Look, it's us against them. At the moment, they're eating our lunch, and they know it. They probably sit in their dark-wood board rooms and laugh at us. If they're not laughing, they're at least confident they can beat us anytime they want — because they're together and we're divided.
They're Convergys. They're Saks. They're the Kroger Co. They're the Cincinnati Reds. They're the Cincinnati Bengals. They're about to be Cincinnati Bell. One day they'll likely be Procter and Gamble.
All lined up with their hands out for the people's money. All using the threat that they'll leave us if we don't meet their demands.
Like pathetic victims of Mafia extortion, we cower. In the end, we give it up. Worse, our elected officials craft brainy documents to make it all look legitimate, or at least inevitable.
Surprised? C'mon. Those same elected officials get piles of campaign money from the corporate extortionists.
When will citizens finally stand up and tell these panhandlers no? I mean, wouldn't your jaw have dropped if nine members of Cincinnati City Council and Mayor Charlie Luken had called a news conference and announced that no public money would go to a free enterprise company to help it earn more profit?
It doesn't seem to matter how many times they demand money. We give it up. It doesn't matter how many times we get stung by the product. We give it up. The Bengals and the Reds both demanded new stadiums. We worried they'd blow town if we didn't cave. Both have rewarded us with teams that shame us.
A newspaper article last week said that Convergys' profits are down 27 percent this past quarter. Yet it didn't seem to matter.
Nothing mattered, because powerful companies have learned that as long as they keep the people divided they can win this game, get pretty much whatever they want. Even if some indebted government officials put on a show of tough negotiations, the companies still come out far ahead. The corporate extortionists know they really deserve nothing; for them, the game is all gain.
Free enterprise is not supposed to work this way. The words mean what they say. The freedom to respond to a perceived consumer need or want with a product or service enterprise. You take a great risk on the gamble that you'll make a great profit.
But then corporate extortionists learned that if you pit, say, Cincinnati government officials against, say, Covington officials against, say, Blue Ash officials, you can get stuff that free-enterprise theorists never promised: Money for your buildings, huge tax breaks, special parking lots or even huge stadiums.
So there's our problem. We the people, through our elected officials, are not organized. We're like skinny kids who shudder when we see frowns on the faces of the jocks as they walk our way on the playground. We've got our new pens or our lunch money out of our pockets before they reach us, ready to hand them over with hardly a discussion.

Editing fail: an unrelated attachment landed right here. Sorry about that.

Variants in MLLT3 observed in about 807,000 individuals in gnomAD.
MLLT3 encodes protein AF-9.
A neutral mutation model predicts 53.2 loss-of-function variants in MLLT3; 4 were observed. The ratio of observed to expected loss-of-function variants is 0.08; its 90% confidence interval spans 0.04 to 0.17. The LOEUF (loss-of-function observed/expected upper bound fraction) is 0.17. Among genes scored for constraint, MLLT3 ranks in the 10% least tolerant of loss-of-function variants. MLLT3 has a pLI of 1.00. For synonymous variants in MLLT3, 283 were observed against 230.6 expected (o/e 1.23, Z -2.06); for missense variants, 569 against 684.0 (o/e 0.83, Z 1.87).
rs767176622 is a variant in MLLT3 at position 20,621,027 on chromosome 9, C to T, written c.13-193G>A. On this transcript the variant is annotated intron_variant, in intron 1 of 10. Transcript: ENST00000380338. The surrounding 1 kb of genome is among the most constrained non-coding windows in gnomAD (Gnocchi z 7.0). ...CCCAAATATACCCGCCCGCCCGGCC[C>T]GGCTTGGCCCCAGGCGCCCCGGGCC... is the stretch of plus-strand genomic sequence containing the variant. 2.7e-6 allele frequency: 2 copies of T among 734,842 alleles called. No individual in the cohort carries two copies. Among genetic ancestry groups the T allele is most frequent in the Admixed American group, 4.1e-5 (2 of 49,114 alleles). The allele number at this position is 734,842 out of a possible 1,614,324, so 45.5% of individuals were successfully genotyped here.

But what if leaders across America held a corporate extortionist summit? What if they all agreed — city council members, county commissioners, even township trustees — that none would give a corporate boss one more dime of public money?
Sure, everyone would agree to provide clean, safe streets, good public transportation, even quality schools for employees. But no public money would be given to businesses for their buildings, no tax breaks. Just a straight up business climate.
What if every community unified to stop the success of corporate extortion? Then a Convergys would not think to drop the name of a Northern Kentucky community or the state of Indiana to jar loose Cincinnati's lunch money.
Sure, we've heard all the arguments defending the big squeeze: "It's a competitive climate." ... "If we don't give in to them, they'll move far away." Here's the best one. "We'll become Detroit." But it all stops when no one gives in to them.
Every corporate boss reading this column knows what I'm saying is true. They drape their hustles in silk and bow ties and send off media letters about their philanthropy, but they know damn well their game's over the day the people all say no.
What's odd about this is that our collective national mindset is just the opposite when we deal with other bullies. We don't negotiate with hijackers, terrorists and kidnappers. The reason? Reward them and they'll line up to grab our celebrities, our politicians, even our family members. We have a well-known policy of saying no, and we have relatively few extortion plots. There's simply no pay off.
Get wise, people. The Brown family duped us. Now they mock us. Find me 10 people who think Mike Brown should continue to call the shots with the Cincinnati Bengals. Yet he maintains control. He has rewarded our naíve generosity with on-the-field losses and cost overruns.
Isn't this a silly world? We worry about a guy selling a Streetvibes on a corner. We want poor people to get a license to ask for a quarter. We threaten some people living under a highway overpass with arrest. But we spend weeks of time and thousands of public dollars to talk with teams of representatives from corporate extortionists to work out their shakedown.
I wrote last month that only when regular people stand up to the daunting power of the corporate oligarchy will we have the America of our dreams. Facing down corporate extortionists would be a good place to start.